Commercial Property expert David Redgate, looks at COVID-19’s impact on existing business lease terms and answers questions he has been asked frequently by both landlords and tenants during the crisis.
Is the tenant obliged to keep paying the rent?
Yes. Despite the crisis, the tenant’s obligation under the lease to pay rent continues. There is no right under the lease to have the rent suspended in this situation.
What if the tenant cannot pay?
To survive the crisis a business tenant might need a reduction or suspension of the rent. It is in the best interest of both landlords and tenants to come to an amicable agreement to put the tenant in the best position to trade once restrictions are lifted. Although landlords are not obliged to agree concessions there are three options that should be considered: rent suspension, temporary rent reduction and a permanent rent reduction. The best option will vary depending on the circumstances of both parties
It is important that whatever is agreed is fully recorded in writing and it is clear that both parties agree to it. The best way to ensure that both parties have certainty and the protection they need is to take legal advice and have a formal letter or deed drawn up.
What happens if there is a rent deposit?
The rent deposit deed entitles the landlord to withdraw sums to cover unpaid rent. The tenant then has to top up the rent deposit. If an agreement for a rent reduction or suspension has been reached it needs to be clearly documented when unpaid rent can be withdrawn from the rent deposit.
What happens if the tenant stops paying the rent, OR you are a tenant that cannot pay the rent?
Forfeiture is the landlord’s right to bring the lease to an end in certain circumstances. The Coronavirus Act 2020 has temporarily amended the terms for forfeiture for non-payment of rent. Until 30 June 2020 a landlord can no longer forfeit for non-payment of rent under a business tenancy. (Mining leases, certain agricultural tenancies, short term leases of six months or less and electronic communications code leases do not benefit from the protection).
The landlord’s conduct will not be treated as waiving any right to forfeit, unless the landlord gives an express written waiver. It would be sensible for landlords to make clear in any correspondence (including emails) relating to non-payment of rent that they are not waiving the right to forfeit (unless waiver is the intention).
It is important to note that the date of 30 June 2020 could be extended and there is the power to extend it more than once.
Can the landlord end the lease under other circumstances?
Yes. The temporary amendment only relates to forfeiture for non-payment of rent. Forfeiture on the basis of an insolvency event remains. Most forfeiture clauses will also permit the landlord to forfeit in the event of a breach of other obligations in the lease, for example repair.
What action should I take if I have a break date or renewal date coming up?
Important decisions may need to be made if a break date or lease renewal date is due. Make sure you have sufficient time left before the break date to serve notice on the landlord (several month’s written notice is usually required). In terms of serving the notice, there may also be practical points around social distancing/closure of premises to consider. It is best to take legal advice to make sure any break notice is validly served.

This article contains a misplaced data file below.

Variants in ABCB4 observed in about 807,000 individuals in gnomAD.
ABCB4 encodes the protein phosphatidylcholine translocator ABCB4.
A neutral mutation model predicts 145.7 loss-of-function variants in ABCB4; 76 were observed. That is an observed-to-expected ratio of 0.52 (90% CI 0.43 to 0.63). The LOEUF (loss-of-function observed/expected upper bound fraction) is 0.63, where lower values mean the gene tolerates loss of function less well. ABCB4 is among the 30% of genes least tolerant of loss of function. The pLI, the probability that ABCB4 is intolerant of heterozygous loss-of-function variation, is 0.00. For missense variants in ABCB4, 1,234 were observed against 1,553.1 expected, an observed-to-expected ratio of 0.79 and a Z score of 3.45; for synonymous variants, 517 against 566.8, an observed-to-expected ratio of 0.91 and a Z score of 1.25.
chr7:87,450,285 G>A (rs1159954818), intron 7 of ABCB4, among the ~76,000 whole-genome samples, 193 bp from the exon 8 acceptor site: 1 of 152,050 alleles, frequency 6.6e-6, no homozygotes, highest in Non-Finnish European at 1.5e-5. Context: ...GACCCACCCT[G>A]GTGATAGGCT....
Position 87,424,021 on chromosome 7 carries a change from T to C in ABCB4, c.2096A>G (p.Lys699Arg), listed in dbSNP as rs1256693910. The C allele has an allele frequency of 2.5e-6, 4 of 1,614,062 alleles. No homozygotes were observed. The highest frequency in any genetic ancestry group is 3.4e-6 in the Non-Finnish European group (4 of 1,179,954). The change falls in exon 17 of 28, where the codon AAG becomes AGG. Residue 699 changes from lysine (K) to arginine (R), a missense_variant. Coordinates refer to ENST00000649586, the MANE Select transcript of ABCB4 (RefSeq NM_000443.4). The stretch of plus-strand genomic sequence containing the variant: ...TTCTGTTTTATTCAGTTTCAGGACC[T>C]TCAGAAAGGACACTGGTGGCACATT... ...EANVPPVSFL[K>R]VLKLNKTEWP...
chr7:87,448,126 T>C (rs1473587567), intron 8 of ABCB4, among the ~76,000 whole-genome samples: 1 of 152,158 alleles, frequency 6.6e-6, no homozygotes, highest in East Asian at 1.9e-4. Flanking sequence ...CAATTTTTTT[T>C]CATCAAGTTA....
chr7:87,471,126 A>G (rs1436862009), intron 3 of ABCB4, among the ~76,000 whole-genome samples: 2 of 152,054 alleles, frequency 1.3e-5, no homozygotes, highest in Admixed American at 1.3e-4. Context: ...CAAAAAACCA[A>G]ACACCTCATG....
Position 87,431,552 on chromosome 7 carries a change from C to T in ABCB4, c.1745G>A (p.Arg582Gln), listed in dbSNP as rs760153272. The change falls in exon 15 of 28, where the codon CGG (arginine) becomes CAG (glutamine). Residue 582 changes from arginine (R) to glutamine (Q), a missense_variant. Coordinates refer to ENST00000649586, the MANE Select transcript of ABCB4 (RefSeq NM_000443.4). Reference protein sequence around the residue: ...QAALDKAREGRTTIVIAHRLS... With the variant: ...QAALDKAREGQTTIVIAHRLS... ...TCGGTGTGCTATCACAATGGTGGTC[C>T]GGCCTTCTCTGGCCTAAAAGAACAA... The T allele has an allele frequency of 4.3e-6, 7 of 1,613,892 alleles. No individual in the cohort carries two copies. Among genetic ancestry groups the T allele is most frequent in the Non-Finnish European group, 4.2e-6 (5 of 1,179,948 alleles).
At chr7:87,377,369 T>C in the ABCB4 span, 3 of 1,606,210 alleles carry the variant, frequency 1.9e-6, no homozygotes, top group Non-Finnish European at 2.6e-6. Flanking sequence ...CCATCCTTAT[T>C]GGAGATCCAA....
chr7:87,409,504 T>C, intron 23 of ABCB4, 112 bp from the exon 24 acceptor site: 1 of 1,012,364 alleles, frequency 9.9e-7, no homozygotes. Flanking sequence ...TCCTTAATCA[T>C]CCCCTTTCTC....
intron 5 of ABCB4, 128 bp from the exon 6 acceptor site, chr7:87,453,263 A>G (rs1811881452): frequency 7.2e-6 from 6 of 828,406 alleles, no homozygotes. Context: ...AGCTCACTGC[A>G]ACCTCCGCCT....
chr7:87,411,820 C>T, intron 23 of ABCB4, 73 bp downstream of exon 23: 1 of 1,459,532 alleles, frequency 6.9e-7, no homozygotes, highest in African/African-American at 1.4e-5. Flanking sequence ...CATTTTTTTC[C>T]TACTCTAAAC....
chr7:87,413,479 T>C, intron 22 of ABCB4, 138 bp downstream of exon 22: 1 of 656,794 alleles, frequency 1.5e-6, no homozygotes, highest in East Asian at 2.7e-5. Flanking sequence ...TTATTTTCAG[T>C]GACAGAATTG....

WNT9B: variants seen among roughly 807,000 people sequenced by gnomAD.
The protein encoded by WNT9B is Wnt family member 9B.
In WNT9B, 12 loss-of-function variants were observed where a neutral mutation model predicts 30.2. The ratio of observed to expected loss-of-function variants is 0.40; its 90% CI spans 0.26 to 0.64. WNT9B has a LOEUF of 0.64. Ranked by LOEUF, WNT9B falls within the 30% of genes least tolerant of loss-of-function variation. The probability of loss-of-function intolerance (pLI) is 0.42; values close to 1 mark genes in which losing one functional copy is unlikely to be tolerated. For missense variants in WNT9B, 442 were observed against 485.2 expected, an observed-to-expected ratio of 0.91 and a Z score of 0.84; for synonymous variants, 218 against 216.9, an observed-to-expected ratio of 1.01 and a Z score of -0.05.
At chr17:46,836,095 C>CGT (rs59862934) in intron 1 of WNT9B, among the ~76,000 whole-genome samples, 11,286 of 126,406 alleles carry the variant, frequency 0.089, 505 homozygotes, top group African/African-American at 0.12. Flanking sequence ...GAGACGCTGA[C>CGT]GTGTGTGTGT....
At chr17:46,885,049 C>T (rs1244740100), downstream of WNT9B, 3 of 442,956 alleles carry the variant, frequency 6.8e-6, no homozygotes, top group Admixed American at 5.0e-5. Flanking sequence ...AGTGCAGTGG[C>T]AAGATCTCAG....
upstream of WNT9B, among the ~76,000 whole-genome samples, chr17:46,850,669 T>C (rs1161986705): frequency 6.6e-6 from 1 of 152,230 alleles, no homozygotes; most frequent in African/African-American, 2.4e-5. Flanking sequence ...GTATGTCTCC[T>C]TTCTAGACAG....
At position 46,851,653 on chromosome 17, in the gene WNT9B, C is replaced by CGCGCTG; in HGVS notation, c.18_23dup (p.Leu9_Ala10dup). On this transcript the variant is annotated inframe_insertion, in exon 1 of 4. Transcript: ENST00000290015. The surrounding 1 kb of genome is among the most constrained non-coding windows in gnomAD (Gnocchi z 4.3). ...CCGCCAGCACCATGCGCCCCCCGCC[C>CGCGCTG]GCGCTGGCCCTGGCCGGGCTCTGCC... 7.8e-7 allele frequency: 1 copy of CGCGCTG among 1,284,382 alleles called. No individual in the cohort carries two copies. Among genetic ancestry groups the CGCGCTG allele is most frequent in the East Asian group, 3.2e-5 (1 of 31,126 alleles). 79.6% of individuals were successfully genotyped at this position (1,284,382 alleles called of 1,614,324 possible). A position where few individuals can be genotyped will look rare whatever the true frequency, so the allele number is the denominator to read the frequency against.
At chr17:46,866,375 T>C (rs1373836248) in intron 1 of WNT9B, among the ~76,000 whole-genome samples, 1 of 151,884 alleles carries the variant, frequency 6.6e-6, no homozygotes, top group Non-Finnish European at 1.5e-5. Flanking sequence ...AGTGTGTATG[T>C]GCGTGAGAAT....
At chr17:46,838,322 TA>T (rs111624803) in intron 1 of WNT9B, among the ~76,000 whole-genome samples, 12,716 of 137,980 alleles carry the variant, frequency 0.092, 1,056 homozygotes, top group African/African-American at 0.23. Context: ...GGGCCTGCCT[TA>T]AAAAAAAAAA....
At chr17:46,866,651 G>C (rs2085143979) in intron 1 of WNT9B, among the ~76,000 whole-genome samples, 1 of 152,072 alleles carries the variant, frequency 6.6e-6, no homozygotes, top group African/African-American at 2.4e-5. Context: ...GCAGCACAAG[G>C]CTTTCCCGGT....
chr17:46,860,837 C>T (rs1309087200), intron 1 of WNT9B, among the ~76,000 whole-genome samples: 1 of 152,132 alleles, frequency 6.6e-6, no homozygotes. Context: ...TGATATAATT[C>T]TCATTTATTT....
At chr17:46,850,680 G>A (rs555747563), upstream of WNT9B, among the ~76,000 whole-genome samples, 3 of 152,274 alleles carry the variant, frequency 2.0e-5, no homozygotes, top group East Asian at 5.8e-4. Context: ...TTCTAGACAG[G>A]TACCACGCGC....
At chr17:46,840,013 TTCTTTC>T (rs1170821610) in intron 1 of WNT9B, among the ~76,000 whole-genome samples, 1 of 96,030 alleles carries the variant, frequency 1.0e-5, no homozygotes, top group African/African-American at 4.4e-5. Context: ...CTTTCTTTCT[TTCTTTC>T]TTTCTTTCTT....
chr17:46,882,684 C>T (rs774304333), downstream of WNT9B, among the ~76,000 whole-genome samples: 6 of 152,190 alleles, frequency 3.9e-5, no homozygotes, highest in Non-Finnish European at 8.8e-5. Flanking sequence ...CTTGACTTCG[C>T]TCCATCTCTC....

Business tenants with security of tenure (i.e. a ‘renewable’ or ‘protected’ lease) have a statutory entitlement to remain at the property after the expiration of the contractual lease term. However, under common law, if a tenant voluntarily vacates the property at the end of the contractual term there can be an implied surrender of the lease by the tenant. Tenants must remember that if a notice is received from the landlord, to determine the lease, action must be taken to make sure the tenant does not lose that protection. If the property is closed, make sure the post is being collected.
If they wish to stay on after the expiration of the contractual lease term tenants with an ‘excluded’ lease (i.e. one without statutory protection) must agree terms for a new lease with the landlord as they will have little protection beyond the end of the lease term.
What about my rent review?
During the crisis there are obvious challenges for valuers in regard to assessing the market rent for review dates falling during 2020 and making the necessary inspections. Over the coming months valuers should be better placed to assess the impact of COVID-19 on the market. However, it is very unusual for an open market rent review to be anything other than upwards which means that the revised rent will either stay the same or increase.
Commercial leases are a complex area and this is just a general overview. If you have any specific queries, please contact me and I will be happy to help.
David Redgate, Partner, Commercial Property
DATED: 21 MAY 2020
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